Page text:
RTR-2501(config-if)#shut

Right away both routers display that the link goes down.

RTR-2501(config-if)#
%LINEPROTO-5-UPDOWN: Line protocol on Interface Serial0, changed state to down
%LINK-5-CHANGED: Interface Serial0, changed state to administratively down

RTR-3620#
%LINK-3-UPDOWN: Interface Serial1/1, changed state to down
%LINEPROTO-5-UPDOWN: Line protocol on Interface Serial1/1, changed state to down

Before moving onto the debug stage, we run the “show run” command to make sure that encapsulation is now PPP and not FRAME RELAY.

RTR-2501#sh run int s0
!
interface Serial0
ip address 192.1.1.3 255.255.255.0
encapsulation ppp
shutdown
no fair-queue

Debuggin’ Time

We first enable “frame-relay lmi” debugging on both the RTR-2501 and RTR-1720.

RTR-2501#debug frame-relay lmi
Frame Relay LMI debugging is on
Displaying all Frame Relay LMI data

RTR-3620#debug frame-relay lmi int s1/1
Frame Relay LMI debugging is on
Displaying lmi data from interface Serial1/1 only

Now we put set the encapsulation back to FRAME RELAY and unshut the interface.

RTR-2501(config)#int s0
RTR-2501(config-if)#no shut

Both routers now are displaying some LMI exchanges. We’ll start with the RTR-2501, and then show the RTR-3620.

RTR-2501
Serial0(out): StEnq, myseq 1, yourseen 0, DTE up <–direction of the request is OUT the interface.
datagramstart = 0x10007C, datagramsize = 13

FR encap = 0xFCF10309
00 75 01 01 00 03 02 01 00

RTR-3620
Serial1/1(in): StEnq, myseq 0 <–direction of the request from RTR-2501 to this interface.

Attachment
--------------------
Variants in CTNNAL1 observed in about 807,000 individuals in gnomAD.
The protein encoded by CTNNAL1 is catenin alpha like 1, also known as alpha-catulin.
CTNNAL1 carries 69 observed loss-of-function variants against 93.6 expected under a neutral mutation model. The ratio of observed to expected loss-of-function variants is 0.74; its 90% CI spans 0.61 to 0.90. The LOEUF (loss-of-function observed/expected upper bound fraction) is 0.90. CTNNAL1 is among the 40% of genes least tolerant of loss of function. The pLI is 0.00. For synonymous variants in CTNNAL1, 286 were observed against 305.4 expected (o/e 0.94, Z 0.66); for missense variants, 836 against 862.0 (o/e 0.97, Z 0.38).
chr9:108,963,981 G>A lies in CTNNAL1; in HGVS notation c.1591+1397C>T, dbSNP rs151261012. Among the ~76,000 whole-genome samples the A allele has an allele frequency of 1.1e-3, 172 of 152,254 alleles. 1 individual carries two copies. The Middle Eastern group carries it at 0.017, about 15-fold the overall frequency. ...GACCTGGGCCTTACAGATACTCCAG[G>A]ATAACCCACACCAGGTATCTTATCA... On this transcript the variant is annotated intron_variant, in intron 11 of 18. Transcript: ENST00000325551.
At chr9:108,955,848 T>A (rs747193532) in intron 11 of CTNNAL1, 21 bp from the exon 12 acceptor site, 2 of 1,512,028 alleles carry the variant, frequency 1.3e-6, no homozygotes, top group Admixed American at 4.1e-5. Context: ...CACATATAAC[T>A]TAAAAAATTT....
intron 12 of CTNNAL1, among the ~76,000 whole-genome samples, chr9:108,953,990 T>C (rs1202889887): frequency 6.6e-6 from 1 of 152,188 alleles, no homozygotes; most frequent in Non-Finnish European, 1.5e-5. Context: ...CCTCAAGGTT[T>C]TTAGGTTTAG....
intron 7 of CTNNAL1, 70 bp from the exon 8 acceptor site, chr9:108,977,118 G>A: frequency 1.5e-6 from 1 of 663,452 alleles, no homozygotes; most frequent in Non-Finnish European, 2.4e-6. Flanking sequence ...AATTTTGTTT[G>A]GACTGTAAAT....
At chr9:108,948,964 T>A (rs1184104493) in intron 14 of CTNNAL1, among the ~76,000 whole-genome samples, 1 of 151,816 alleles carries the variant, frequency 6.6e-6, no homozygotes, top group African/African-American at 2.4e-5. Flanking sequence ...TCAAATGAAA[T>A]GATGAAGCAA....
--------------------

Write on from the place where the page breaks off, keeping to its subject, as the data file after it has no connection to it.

RT IE 1, length 1, type 0
KA IE 3, length 2, yourseq 1 , myseq 0
Serial1/1(out): Status, myseq 1, yourseen 1, DCE up

RTR-2501
Serial0(in): Status, myseq 1 <–direction of the response from RTR-3620 to this interface.
RT IE 1, length 1, type 0
KA IE 3, length 2, yourseq 1 , myseq 1
PVC IE 0x7 , length 0x6 , dlci 101, status 0x0 , bw 0

What you see above is that the RTR-2501’s LMI request with Serial0(out). And then RTR-3620 receives and then responds back with Serial1/1(in).

Verification….again…

Before we end this lab, we confirm on both interfaces to see what we’ve negotiated the LMI type to be!

RTR-3620#sh frame lmi int s1/1

LMI Statistics for interface Serial1/1 (Frame Relay DCE) LMI TYPE = CISCO
Invalid Unnumbered info 0             Invalid Prot Disc 0
Invalid dummy Call Ref 0              Invalid Msg Type 0
Invalid Status Message 0              Invalid Lock Shift 0
Invalid Information ID 0              Invalid Report IE Len 0
Invalid Report Request 0              Invalid Keep IE Len 0
Num Status Enq. Rcvd 290              Num Status msgs Sent 290
Num Update Status Sent 0              Num St Enq. Timeouts 23

RTR-2501#sh frame lmi

LMI Statistics for interface Serial0 (Frame Relay DTE) LMI TYPE = CISCO
Invalid Unnumbered info 0             Invalid Prot Disc 0
Invalid dummy Call Ref 0              Invalid Msg Type 0
Invalid Status Message 0              Invalid Lock Shift 0
Invalid Information ID 0              Invalid Report IE Len 0
Invalid Report Request 0              Invalid Keep IE Len 0
Num Status Enq. Sent 123              Num Status msgs Rcvd 123
Num Update Status Rcvd 0              Num Status Timeouts 0

Conclusion

It’s always fun to configure interfaces, protocols etc etc, but to view the debugs and see the actual routers exchange info helps you to really see how routers/switches operate. Get used to using SHOW and DEBUG commands. They are going to be vitally important in your Cisco career!